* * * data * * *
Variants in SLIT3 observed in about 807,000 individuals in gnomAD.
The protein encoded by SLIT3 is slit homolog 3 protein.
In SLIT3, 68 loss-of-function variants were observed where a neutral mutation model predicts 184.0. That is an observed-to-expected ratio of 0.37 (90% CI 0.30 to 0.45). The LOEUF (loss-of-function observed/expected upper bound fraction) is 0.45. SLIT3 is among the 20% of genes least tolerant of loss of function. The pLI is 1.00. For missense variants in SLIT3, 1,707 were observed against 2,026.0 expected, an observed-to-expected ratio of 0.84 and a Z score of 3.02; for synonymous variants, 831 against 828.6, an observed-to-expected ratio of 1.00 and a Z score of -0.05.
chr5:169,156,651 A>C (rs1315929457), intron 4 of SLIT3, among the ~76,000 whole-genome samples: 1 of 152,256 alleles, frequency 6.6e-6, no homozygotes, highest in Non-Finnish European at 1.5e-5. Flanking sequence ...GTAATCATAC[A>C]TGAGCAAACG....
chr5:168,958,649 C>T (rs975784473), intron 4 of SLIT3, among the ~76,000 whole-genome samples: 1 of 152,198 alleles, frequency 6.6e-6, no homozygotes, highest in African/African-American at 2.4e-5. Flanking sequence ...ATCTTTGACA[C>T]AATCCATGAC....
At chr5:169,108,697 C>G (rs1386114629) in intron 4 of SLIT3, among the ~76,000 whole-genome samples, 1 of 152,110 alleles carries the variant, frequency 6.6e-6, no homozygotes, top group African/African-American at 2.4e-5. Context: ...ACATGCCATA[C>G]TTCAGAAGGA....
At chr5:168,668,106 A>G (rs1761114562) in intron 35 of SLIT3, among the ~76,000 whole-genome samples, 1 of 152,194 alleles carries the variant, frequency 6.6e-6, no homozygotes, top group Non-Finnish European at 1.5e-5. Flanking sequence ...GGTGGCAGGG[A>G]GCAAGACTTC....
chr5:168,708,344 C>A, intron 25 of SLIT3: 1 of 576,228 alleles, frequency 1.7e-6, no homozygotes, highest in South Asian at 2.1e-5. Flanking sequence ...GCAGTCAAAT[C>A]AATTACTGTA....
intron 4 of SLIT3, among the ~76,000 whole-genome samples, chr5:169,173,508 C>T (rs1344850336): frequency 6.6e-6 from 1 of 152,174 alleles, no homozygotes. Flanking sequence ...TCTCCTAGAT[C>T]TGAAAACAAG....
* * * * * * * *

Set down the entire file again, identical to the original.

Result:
Variants in SLIT3 observed in about 807,000 individuals in gnomAD.
The protein encoded by SLIT3 is slit homolog 3 protein.
In SLIT3, 68 loss-of-function variants were observed where a neutral mutation model predicts 184.0. That is an observed-to-expected ratio of 0.37 (90% CI 0.30 to 0.45). The LOEUF (loss-of-function observed/expected upper bound fraction) is 0.45. SLIT3 is among the 20% of genes least tolerant of loss of function. The pLI is 1.00. For missense variants in SLIT3, 1,707 were observed against 2,026.0 expected, an observed-to-expected ratio of 0.84 and a Z score of 3.02; for synonymous variants, 831 against 828.6, an observed-to-expected ratio of 1.00 and a Z score of -0.05.
chr5:169,156,651 A>C (rs1315929457), intron 4 of SLIT3, among the ~76,000 whole-genome samples: 1 of 152,256 alleles, frequency 6.6e-6, no homozygotes, highest in Non-Finnish European at 1.5e-5. Flanking sequence ...GTAATCATAC[A>C]TGAGCAAACG....
chr5:168,958,649 C>T (rs975784473), intron 4 of SLIT3, among the ~76,000 whole-genome samples: 1 of 152,198 alleles, frequency 6.6e-6, no homozygotes, highest in African/African-American at 2.4e-5. Flanking sequence ...ATCTTTGACA[C>T]AATCCATGAC....
At chr5:169,108,697 C>G (rs1386114629) in intron 4 of SLIT3, among the ~76,000 whole-genome samples, 1 of 152,110 alleles carries the variant, frequency 6.6e-6, no homozygotes, top group African/African-American at 2.4e-5. Context: ...ACATGCCATA[C>G]TTCAGAAGGA....
At chr5:168,668,106 A>G (rs1761114562) in intron 35 of SLIT3, among the ~76,000 whole-genome samples, 1 of 152,194 alleles carries the variant, frequency 6.6e-6, no homozygotes, top group Non-Finnish European at 1.5e-5. Flanking sequence ...GGTGGCAGGG[A>G]GCAAGACTTC....
chr5:168,708,344 C>A, intron 25 of SLIT3: 1 of 576,228 alleles, frequency 1.7e-6, no homozygotes, highest in South Asian at 2.1e-5. Flanking sequence ...GCAGTCAAAT[C>A]AATTACTGTA....
intron 4 of SLIT3, among the ~76,000 whole-genome samples, chr5:169,173,508 C>T (rs1344850336): frequency 6.6e-6 from 1 of 152,174 alleles, no homozygotes. Flanking sequence ...TCTCCTAGAT[C>T]TGAAAACAAG....